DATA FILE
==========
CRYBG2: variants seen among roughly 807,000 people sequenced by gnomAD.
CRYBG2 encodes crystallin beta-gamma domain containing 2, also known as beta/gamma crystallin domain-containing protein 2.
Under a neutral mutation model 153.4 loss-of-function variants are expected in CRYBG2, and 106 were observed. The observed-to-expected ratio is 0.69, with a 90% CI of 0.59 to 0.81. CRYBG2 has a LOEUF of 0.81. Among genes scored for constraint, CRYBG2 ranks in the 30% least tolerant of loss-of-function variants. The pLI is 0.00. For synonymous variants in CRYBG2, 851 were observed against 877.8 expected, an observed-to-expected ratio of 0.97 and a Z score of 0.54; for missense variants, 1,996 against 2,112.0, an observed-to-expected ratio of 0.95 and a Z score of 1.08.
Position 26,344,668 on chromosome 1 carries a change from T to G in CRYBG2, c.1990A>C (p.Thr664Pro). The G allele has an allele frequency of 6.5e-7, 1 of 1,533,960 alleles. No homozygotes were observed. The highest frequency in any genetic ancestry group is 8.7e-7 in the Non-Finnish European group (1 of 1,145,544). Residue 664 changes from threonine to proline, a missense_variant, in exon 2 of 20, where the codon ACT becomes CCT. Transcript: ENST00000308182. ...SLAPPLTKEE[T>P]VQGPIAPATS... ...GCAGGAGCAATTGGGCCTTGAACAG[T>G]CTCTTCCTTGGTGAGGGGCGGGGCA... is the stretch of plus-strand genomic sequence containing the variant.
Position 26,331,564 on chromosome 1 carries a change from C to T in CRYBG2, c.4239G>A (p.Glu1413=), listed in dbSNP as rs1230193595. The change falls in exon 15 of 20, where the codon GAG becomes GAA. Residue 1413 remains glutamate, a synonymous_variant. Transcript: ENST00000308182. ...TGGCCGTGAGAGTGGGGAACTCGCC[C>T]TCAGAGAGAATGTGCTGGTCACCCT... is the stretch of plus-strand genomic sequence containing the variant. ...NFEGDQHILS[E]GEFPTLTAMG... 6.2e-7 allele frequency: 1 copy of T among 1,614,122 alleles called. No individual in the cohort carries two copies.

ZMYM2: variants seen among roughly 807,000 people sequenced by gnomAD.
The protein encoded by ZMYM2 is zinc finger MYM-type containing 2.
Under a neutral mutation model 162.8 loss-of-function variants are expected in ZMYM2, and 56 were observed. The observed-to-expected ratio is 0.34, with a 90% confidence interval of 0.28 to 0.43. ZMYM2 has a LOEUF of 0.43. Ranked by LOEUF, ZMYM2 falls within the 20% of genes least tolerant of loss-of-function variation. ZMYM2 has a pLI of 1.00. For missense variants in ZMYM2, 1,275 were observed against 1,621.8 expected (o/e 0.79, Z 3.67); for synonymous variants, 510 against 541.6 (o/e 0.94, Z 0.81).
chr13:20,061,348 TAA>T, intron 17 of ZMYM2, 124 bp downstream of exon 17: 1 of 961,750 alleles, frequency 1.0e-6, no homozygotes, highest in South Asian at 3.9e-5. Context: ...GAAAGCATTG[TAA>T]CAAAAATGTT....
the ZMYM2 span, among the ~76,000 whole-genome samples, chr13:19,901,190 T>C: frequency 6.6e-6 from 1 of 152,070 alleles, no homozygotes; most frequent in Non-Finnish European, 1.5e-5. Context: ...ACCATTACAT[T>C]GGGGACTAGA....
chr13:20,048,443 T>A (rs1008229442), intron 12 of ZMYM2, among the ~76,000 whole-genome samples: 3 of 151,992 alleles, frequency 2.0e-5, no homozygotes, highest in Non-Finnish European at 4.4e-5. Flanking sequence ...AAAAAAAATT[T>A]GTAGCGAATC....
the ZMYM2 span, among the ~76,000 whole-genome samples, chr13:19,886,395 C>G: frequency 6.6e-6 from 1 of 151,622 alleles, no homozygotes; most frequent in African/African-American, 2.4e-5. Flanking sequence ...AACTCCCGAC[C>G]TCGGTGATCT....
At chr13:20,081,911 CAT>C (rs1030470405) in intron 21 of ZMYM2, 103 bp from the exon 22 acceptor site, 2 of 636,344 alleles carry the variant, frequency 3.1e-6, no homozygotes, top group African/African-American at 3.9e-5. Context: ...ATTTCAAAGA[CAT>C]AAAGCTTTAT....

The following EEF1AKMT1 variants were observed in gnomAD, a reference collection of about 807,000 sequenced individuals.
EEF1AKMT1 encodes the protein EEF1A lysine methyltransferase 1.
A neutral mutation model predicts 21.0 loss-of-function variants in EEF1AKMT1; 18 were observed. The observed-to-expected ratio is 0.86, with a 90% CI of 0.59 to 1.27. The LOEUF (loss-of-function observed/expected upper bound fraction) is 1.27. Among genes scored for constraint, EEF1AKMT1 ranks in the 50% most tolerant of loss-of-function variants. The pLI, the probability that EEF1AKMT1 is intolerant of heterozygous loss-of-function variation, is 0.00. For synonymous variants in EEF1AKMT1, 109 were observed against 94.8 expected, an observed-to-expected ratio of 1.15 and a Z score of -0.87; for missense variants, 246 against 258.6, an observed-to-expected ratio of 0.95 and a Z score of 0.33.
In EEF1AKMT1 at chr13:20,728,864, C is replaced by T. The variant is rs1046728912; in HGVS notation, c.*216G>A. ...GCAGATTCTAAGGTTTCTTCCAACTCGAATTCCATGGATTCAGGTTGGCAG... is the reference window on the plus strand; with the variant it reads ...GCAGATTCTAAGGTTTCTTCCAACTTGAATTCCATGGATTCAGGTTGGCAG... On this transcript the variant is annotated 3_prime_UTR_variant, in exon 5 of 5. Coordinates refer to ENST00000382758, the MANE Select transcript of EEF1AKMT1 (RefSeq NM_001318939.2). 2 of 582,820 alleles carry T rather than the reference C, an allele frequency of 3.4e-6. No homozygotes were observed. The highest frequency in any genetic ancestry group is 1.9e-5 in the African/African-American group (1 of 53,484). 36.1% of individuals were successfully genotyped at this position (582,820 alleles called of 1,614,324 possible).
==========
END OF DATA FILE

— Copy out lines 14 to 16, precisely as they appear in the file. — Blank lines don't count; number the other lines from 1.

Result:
The following EEF1AKMT1 variants were observed in gnomAD, a reference collection of about 807,000 sequenced individuals.
EEF1AKMT1 encodes the protein EEF1A lysine methyltransferase 1.
A neutral mutation model predicts 21.0 loss-of-function variants in EEF1AKMT1; 18 were observed. The observed-to-expected ratio is 0.86, with a 90% CI of 0.59 to 1.27. The LOEUF (loss-of-function observed/expected upper bound fraction) is 1.27. Among genes scored for constraint, EEF1AKMT1 ranks in the 50% most tolerant of loss-of-function variants. The pLI, the probability that EEF1AKMT1 is intolerant of heterozygous loss-of-function variation, is 0.00. For synonymous variants in EEF1AKMT1, 109 were observed against 94.8 expected, an observed-to-expected ratio of 1.15 and a Z score of -0.87; for missense variants, 246 against 258.6, an observed-to-expected ratio of 0.95 and a Z score of 0.33.